WASHINGTON — Most Americans say they don't believe Medicare or Social Security have to be cut to balance the federal budget, a new poll shows.
The Associated Press-GfK poll suggests that arguments for overhauling the massive benefit programs to pare government debt have failed to sway the public. The debate is unlikely to be resolved before next year's elections for president and Congress.
Americans worry about the future of the retirement safety net, the poll found, and 3 out of 5 say the two programs are vital to their basic financial security as they age.
That helps explain why the Republican Medicare privatization plan flopped, and why President Obama's Medicare cuts to finance his health care law contributed to Democrats losing control of the House in last year's elections.
Medicare seems to be turning into a political hot potato.
"I'm pretty confident Medicare will be there, because there would be a rebellion among voters," said Nicholas Read, 67, a retired teacher who lives near Buffalo, N.Y. "Republicans only got a hint of that this year. They got burned. They touched the hot stove."
Combined, Social Security and Medicare account for about a third of government spending, a share that will only grow. Economic experts say the cost of retirement programs for an aging society is the most serious budget problem facing the nation.
The trustees who oversee Social Security and Medicare recently warned that the programs are "not sustainable" over the long run under current financing.
Nearly every solution for Social Security is politically toxic, because the choices involve cutting benefits or raising taxes. Medicare is even harder to fix because the cost of modern medicine is going up faster than the cost of living, outpacing economic growth as well as tax revenue.
"Medicare is an incredibly complex area," said former Sen. Judd Gregg, R-N.H., who used to chair the Budget Committee. "It's a matrix that is almost incomprehensible. Unlike Social Security, which has four or five moving parts, Medicare has hundreds of thousands. There is no single approach to Medicare, whereas with Social Security everyone knows where the problem is."
That's not what the public sees, however.
"It's more a matter of bungling, and lack of oversight, and waste and fraud, and padding of the bureaucracy," said Carolyn Rodgers, who lives near Memphis, Tenn., and is still working as a legal assistant at 74. "There is no reason why even Medicare, if it had been handled right, couldn't have been solvent."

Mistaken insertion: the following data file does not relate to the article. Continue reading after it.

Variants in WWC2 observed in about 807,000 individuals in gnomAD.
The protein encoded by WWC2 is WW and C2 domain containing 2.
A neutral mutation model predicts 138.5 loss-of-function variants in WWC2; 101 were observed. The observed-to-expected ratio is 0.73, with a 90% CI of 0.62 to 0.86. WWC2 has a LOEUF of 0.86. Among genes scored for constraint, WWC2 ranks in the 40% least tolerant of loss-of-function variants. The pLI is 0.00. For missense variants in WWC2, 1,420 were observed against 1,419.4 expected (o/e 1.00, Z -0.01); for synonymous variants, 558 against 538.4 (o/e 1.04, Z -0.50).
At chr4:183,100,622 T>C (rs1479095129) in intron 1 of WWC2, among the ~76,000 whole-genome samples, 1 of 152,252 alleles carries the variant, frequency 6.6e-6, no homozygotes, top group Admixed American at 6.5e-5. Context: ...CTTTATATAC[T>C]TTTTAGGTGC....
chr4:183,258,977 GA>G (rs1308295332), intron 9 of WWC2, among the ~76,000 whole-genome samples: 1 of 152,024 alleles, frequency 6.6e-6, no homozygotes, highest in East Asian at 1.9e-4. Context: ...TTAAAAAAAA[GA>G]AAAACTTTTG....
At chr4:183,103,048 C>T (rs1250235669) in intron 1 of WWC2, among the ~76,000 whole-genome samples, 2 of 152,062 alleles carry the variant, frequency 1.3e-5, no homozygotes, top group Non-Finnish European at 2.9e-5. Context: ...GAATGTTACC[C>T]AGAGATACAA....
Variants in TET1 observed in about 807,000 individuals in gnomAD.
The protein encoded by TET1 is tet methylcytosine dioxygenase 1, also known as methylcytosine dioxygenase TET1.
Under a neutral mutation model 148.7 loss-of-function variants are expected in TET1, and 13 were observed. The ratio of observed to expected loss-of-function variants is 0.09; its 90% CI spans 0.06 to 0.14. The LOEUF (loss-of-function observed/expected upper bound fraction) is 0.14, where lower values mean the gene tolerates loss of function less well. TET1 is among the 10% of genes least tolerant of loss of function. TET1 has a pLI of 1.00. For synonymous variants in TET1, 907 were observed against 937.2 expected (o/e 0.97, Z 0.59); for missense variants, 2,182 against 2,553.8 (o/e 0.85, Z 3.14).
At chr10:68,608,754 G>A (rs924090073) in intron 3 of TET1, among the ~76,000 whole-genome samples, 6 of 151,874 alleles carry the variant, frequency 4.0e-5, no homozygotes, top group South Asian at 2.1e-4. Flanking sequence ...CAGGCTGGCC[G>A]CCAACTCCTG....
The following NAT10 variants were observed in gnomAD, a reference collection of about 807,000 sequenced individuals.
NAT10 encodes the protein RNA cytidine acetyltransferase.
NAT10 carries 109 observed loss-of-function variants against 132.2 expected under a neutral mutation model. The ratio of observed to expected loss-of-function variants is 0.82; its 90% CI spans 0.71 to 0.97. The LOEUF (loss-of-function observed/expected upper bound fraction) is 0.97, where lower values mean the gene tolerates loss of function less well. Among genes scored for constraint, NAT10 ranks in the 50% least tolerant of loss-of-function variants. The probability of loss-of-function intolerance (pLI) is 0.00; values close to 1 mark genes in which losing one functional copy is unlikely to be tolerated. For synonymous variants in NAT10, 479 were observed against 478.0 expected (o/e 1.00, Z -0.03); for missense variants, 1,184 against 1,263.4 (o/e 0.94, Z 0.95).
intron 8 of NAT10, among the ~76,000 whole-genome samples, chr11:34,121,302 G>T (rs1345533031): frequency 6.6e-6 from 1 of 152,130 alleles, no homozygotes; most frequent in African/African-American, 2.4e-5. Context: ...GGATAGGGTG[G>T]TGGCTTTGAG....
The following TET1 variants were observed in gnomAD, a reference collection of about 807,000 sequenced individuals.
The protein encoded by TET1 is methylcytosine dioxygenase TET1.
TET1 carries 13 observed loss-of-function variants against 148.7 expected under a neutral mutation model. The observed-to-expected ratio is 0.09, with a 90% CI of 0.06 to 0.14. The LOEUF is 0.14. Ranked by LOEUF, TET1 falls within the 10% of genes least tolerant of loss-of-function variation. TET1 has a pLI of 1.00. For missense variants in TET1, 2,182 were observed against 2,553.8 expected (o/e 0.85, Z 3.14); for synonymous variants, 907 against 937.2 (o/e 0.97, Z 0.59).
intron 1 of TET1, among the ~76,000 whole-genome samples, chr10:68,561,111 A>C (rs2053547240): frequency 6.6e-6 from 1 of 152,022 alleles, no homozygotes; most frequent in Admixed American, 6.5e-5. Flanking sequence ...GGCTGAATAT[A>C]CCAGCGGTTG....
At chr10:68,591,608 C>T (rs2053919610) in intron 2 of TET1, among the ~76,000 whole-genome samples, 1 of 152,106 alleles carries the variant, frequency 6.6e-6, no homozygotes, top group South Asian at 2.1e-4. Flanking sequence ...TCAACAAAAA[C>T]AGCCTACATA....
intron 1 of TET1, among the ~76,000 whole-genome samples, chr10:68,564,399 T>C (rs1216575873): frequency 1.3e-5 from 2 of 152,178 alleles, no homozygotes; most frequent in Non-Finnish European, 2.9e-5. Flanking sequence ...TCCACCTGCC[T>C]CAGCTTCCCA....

In the poll, 54 percent said it's possible to balance the budget without cutting spending for Medicare, and 59 percent said the same about Social Security.
Taking both programs together, 48 percent said the government could balance the budget without cutting either one. Democrats and political independents were far more likely than Republicans to say that neither program will have to be cut.
Overall, 70 percent in the poll said Social Security is "extremely" or "very" important to their financial security in retirement, and 72 percent said so for Medicare. Sixty-two percent said that both programs are extremely or very important.
The sentiment was much stronger among the elderly. Eighty-four percent of those 65 or older said both programs are central to their financial security. Compare that to adults under 30, just starting out. Just under half, or 46 percent, said they believed both Social Security and Medicare would be extremely or very important to their financial security in retirement.
"Health insurance these days is very costly, and it's not something that most people can afford to go out and buy on their own," said Tim Messner, 38, a technology quality assurance analyst from Barberton, Ohio. "I don't know that we could possibly plan ahead for medical insurance, but if you had to replace Social Security or investments, you at least have an idea of what you can live on."
Effect of health costs
Numbers tell the story. As health care goes up, the value of Medicare benefits is catching up to Social Security's. A two-earner couple with average wages retiring in 1980 would have expected to receive health care worth $132,000 through Medicare over their remaining lifetimes, and $446,000 — about three times more — in Social Security payments.
For a similar couple who retired last year, the Medicare benefit will be worth $343,000, compared to Social Security payments totaling $539,000, less than twice as much.
The numbers, from economists at the nonpartisan Urban Institute, are adjusted for inflation to allow direct comparison. For low-income single retirees and some couples, the value of expected Medicare benefits already exceeds that of Social Security.
The poll found a deep current of pessimism about the future of Social Security and Medicare. As much as Americans say the programs are indispensable, only 35 percent say it's extremely or very likely that Social Security will be there to pay benefits through their entire retirement. For Medicare, it was 36 percent.
Republican lawmakers don't inspire much confidence when it comes to dealing with retirement programs, the poll found. Democrats have the advantage as the party more trusted to do a better job handling Social Security by 52 percent to 34 percent, and Medicare by 54 percent to 33 percent.
The Associated Press-GfK poll was conducted May 5-9, 2011, by GfK Roper Public Affairs & Corporate Communications. It involved landline and cellphone interviews with 1,001 adults nationwide and has a margin of sampling error of plus or minus 4.2 percentage points.